Serbs, key in Kosovo elections, face intimidation at polls

On Sunday, Kosovars voted for mayors and local councilors with emphasis placed on encouraging Serbs to vote. A deal with the EU requires Serb participation in Kosovo politics, but many Kosovo Serbs reject Kosovo's 2008 secession from Serbia.

Visar Kryeziu/AP
Election official checks a old Serb woman for electoral stain before she is allowed to vote at a polling station in Kosovo capital Pristina on Sunday. People in Kosovo are voting in a local election that will test the country's fragile relations with Serbia as both seek to move closer to the European Union.

Kosovars choose mayors and local councilors in an election Sunday that will test the country's fragile relations with Serbia as both countries seek to move closer to the European Union.

Serb participation in Kosovo's political life, including elections, is one of the key elements of an EU-brokered deal that seeks to settle the dispute over Kosovo and unlock EU funds.

But there were indications that hard-line Serbs in Kosovo's north were intimidating their compatriots and causing a low voter turnout.

A group of some 30 masked men barged into a polling station late afternoon smashing windows and tearing up voting material. AP Television video showed police sealing off the area. It also showed members of the Organization for Security and Cooperation in Europe, which is monitoring the vote in the north, leaving the polling station in their vehicles. The polling station has since been closed.

Serbia's prime minister, Ivica Dacic, urged Serbs to defy the threats and anti-election campaign and cast their ballots. He said participation in the election is in the interest of the Serb people in Kosovo.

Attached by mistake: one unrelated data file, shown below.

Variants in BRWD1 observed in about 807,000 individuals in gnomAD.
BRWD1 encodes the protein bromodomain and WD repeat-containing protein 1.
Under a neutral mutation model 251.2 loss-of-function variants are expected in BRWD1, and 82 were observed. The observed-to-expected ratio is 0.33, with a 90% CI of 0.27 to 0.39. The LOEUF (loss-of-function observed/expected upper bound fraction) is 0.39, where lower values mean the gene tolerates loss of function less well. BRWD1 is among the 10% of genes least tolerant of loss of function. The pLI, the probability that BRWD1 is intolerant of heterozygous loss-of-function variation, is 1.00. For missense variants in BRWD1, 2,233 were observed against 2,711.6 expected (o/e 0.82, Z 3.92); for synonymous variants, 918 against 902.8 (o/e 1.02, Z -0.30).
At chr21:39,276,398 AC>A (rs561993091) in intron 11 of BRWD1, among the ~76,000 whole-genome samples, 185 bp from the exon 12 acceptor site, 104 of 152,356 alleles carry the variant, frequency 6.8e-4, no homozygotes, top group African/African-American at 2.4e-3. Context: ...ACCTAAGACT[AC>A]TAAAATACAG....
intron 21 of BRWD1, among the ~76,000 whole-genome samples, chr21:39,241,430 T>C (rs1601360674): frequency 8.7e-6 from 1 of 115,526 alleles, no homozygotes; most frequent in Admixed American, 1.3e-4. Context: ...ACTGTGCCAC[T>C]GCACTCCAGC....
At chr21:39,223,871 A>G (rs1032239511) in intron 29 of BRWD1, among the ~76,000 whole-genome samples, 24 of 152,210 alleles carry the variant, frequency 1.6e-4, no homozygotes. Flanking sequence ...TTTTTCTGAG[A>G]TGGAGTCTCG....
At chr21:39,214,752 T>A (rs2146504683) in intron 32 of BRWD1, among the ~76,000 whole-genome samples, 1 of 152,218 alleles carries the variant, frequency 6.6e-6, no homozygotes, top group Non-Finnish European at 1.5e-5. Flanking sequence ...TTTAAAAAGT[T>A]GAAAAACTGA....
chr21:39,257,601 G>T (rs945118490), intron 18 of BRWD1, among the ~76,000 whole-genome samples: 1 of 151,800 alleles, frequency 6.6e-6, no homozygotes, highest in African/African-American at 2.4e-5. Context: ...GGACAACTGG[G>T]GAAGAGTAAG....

"Let us once do something that is in our interest and not in the interest of our enemies," Dacic said. "The fate of Serbs in Kosovo should be in their own hands, and not (Kosovo Prime Minister Hashim) Thaci's or the extremists'."

About 1.8 million voters are entitled to vote in 39 municipalities and elect mayors and local councilors. Voter turnout across Kosovo was around 33 percent by early afternoon.

An AP reporter witnessed Serbs crowding outside polling stations in Mitrovica to discourage fellow Serbs from voting. Many brandished arm-bands with "No to Albanian elections" written across them in Serbian.

Some Serbs fear the vote validates the secession of Kosovo, which declared independence in 2008. Serbia rejects Kosovo's independence, as do many Kosovo Serbs.

"I can't vote in these elections. To me these are foreign elections," said Zeljko Vuckovic, a Serb resident of Mitrovica.

Posters describing participation in elections as treason have sprung up in Serb-majority areas.

Another Serb, Radomir Milic, was one of the few voters who responded to Serbia's call to elect their leaders in an internationally-backed process.

"I vote for a better life because if we do not vote we cannot survive here," Milic said.

In the Serbian enclave of Gracanica where Serbs live surrounded by ethnic Albanians, voters waited in long lines to cast their ballots.

It is the first time that voters in all of Kosovo will choose local councilors and mayors since the country seceded from Serbia. The U.S. and the majority of the 28-nation EU have recognized the new state.

For the ethnic Albanian majority the vote tests the popularity of Thaci's governing party before next year's national elections. High-profile members of Thaci's Democratic Party of Kosovo have been targets of criminal investigations by the EU's justice mission in Kosovo.

"These are the first free elections that are organized in the entire territory of Kosovo," Thaci said after voting in a primary school in the center of the capital, Pristina. "All citizens of Kosovo are participating. They are crucial for our future in Europe."

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